Hope College students are receiving three national or regional awards for excellence in research from Psi Chi – The International Honor Society in Psychology.

Xander Krieg, a senior from Franklin, will receive a national Undergraduate Research Award for his research project “Attachment and Hikikomori:  a Psychosocial Developmental Model.”  The recognition will be presented by Psi Chi during the national convention of the American Psychological Association, taking place in Orlando, Fla., on Thursday-Sunday, Aug. 2-5.

In May, the Midwestern chapter of Psi Chi will present research awards to students for two different studies.  The team of junior Ariana Cappuccitti of Mount Prospect, Ill., junior Rachel Cho of Barrington, Ill., senior Allyson Dreger of Kalamazoo and senior Heather Stiff of Galena, Ohio, is being honored for “Physiological and Psychological Anxiety Levels in Dancers during Performance Compared to Rehearsal.”  Senior Elizabeth Fast of Grand Rapids is being honored for “Lexical class and explicitness as modulators of the neural mechanisms of metaphor comprehension.”  She had the assistance of seniors Ashley Drew of Spring Lake and Audrey Weil of Gurnee, Ill., in the completion of the project. The regional awards will be presented during the 84th annual meeting of the Midwestern Psychological Association in Chicago, Ill., on Thursday-Saturday, May 3-5.

Since 2000, four Hope students have received national research awards from Psi Chi and a total of 19 Hope research teams have received the regional recognition.

Krieg’s research investigated risk factors that could potentially predict “hikikomori,” a condition of acute social withdrawal, found primarily in Japan, in which individuals shut themselves away from society for months or years on end.  Hikikomori are often adolescents or young adults—and even into middle age--who isolate themselves in their rooms in their parents’ homes, with an estimated 700,000 individuals in Japan affected by the condition.  Measuring a variety of characteristics, the study found that the combination of “ambivalent attachment” (a “warm-cold” pattern in close relationships, often a consequence of childhood experience) and peer rejection together significantly predict hikikomori.

Krieg is dual-majoring in Japanese studies and psychology and minoring in sociology.  He collected data for the research while spending his fall 2010 semester studying in Tokyo, comparing a clinical sample of hikikomori with a contrast group of undergraduate students.  He conducted his research with Dr. Jane Dickie, professor of psychology.

The dance study, a unique collaboration involving three departments (biology, dance and psychology), considered how dancers’ anxiety levels differed between rehearsal and performance settings, as well as before and after performances.  Involving 73 of the college’s dance students, the study measured the amount of cortisol—a hormone that spikes in response to stress—in the dancers’ saliva and examined their mental state through a series of questions.  The study found that anxiety levels were higher before performances than before rehearsals, but also showed the benefit of training and experience: dancers with more experience were less anxious both before and after performances than those with less.  The college’s department of dance emphasizes performance opportunities for its students as a key component of their education, scheduling multiple concerts during each school year.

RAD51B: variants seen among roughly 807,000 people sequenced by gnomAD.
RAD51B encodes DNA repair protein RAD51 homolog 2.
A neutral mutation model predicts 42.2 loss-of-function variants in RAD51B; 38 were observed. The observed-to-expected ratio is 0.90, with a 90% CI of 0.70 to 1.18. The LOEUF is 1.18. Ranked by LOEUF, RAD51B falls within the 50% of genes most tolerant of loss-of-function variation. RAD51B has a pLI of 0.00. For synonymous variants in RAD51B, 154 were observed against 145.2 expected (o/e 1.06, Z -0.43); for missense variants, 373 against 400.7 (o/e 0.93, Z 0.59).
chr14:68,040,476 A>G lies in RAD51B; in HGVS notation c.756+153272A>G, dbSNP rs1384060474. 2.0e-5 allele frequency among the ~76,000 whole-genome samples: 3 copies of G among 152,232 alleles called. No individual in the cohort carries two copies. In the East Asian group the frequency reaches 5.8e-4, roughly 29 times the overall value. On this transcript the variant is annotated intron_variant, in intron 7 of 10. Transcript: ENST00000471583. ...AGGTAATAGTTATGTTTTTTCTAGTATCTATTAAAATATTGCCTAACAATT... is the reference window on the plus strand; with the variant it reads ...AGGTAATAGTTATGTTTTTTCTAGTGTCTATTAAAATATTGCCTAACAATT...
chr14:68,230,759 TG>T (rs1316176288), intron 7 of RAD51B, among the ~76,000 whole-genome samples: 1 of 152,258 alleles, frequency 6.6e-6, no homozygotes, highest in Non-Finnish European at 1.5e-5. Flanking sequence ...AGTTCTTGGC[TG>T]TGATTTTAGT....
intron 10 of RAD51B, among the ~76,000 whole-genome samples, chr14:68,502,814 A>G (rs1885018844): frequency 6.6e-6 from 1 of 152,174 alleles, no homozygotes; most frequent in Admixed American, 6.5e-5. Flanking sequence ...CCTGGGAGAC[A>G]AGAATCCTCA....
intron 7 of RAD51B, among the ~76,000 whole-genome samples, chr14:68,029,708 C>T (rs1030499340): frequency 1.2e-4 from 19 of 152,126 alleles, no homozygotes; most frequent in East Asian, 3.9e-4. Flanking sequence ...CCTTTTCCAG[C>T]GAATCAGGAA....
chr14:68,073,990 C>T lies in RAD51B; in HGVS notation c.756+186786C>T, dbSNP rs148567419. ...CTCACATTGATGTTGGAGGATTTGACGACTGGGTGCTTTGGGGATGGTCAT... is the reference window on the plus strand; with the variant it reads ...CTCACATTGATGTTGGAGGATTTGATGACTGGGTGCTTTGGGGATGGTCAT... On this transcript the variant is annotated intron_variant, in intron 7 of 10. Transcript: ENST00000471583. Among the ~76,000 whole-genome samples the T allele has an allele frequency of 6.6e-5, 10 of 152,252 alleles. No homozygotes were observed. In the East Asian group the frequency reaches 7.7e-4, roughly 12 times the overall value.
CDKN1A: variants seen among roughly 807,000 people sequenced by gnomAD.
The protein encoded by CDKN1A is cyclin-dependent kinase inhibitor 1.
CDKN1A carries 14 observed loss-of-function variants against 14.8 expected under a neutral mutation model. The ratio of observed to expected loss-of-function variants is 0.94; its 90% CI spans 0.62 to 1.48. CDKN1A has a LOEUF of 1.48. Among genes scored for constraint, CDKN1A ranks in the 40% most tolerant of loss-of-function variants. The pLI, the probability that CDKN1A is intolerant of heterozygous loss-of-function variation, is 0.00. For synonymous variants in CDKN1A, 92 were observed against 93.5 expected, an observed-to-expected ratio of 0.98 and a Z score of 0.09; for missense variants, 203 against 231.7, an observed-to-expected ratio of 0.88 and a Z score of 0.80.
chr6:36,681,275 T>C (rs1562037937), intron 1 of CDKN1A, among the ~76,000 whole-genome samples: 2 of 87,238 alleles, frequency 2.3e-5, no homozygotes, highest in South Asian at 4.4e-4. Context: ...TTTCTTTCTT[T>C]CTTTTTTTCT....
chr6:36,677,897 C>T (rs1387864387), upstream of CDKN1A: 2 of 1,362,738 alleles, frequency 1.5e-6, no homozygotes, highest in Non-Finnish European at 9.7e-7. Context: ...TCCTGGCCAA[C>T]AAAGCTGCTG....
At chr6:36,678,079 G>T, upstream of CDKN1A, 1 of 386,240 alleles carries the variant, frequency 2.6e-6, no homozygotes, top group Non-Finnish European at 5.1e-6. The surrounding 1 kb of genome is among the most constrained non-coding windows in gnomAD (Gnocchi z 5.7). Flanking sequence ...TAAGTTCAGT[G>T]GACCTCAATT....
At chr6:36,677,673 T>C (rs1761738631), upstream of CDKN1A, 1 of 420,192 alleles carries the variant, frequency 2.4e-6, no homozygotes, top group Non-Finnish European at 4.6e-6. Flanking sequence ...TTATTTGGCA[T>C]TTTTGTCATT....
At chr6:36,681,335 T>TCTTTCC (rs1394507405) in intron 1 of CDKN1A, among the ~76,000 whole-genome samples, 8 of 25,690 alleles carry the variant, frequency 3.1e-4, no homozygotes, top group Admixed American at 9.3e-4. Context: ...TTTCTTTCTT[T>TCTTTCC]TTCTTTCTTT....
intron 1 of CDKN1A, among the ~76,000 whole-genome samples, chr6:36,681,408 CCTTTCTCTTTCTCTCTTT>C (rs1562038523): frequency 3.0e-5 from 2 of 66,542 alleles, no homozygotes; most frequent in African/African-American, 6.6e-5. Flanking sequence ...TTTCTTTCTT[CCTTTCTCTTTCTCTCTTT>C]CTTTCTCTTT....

All four of the research students are themselves involved in the dance program:  Cappuccitti is dual-majoring in dance and psychology, Cho is dual-majoring in dance and chemistry, Dreger is majoring in exercise science and minoring in dance, and Stiff is dual-majoring in dance and chemistry.   The students conducted their research with Dr. Greg Fraley, associate professor of biology; Linda Graham, professor of dance and chairperson of the department; and Dr. Lorna Hernandez Jarvis, professor of psychology and director of general education and interdisciplinary studies.

The metaphor-comprehension study considered whether or not there are differences within the brain when an individual is confronted with either literal or metaphorical statements.  The study participants were presented with literal sentences like “There was chaos in the city after the earthquake” and metaphorical sentences like “The unexpected divorce was an earthquake,” as well as “anomalous” control sentences like “He sloppily taped the picture to the earthquake.”  The study used the department’s EEG (electroencephalography) system machine to measure N400 waves (an index of semantic processing), finding a larger N400 for metaphorical statements than for literal ones.

Fast is a psychology major and neuroscience minor.  She conducted her research with Dr. Gwenda Schmidt, assistant professor of psychology, whose research emphases include semantic processing, neural correlates of language processing, the role of the right hemisphere in language processing, figurative language processing, and language and figurative language deficits in autism.

Psi Chi – the International Honor Society was founded in 1929 to encourage, stimulate and maintain excellence in scholarship, and advance the science of psychology. Psi Chi has chapters at about 1,100 senior colleges and universities in the United States, Canada, the Caribbean, Ireland and New Zealand. Since its founding, the honor society has registered more than 500,000 lifetime members.

The honor society’s chapters are grouped within six regions: Eastern, Midwestern, Rocky Mountain, Southeastern, Southwestern and Western. The Midwestern Region includes Illinois, Indiana, Iowa, Kansas, Michigan, Minnesota, Missouri, Nebraska, North Dakota, Ohio, South Dakota and Wisconsin.

Hope’s chapter was chartered in 1965.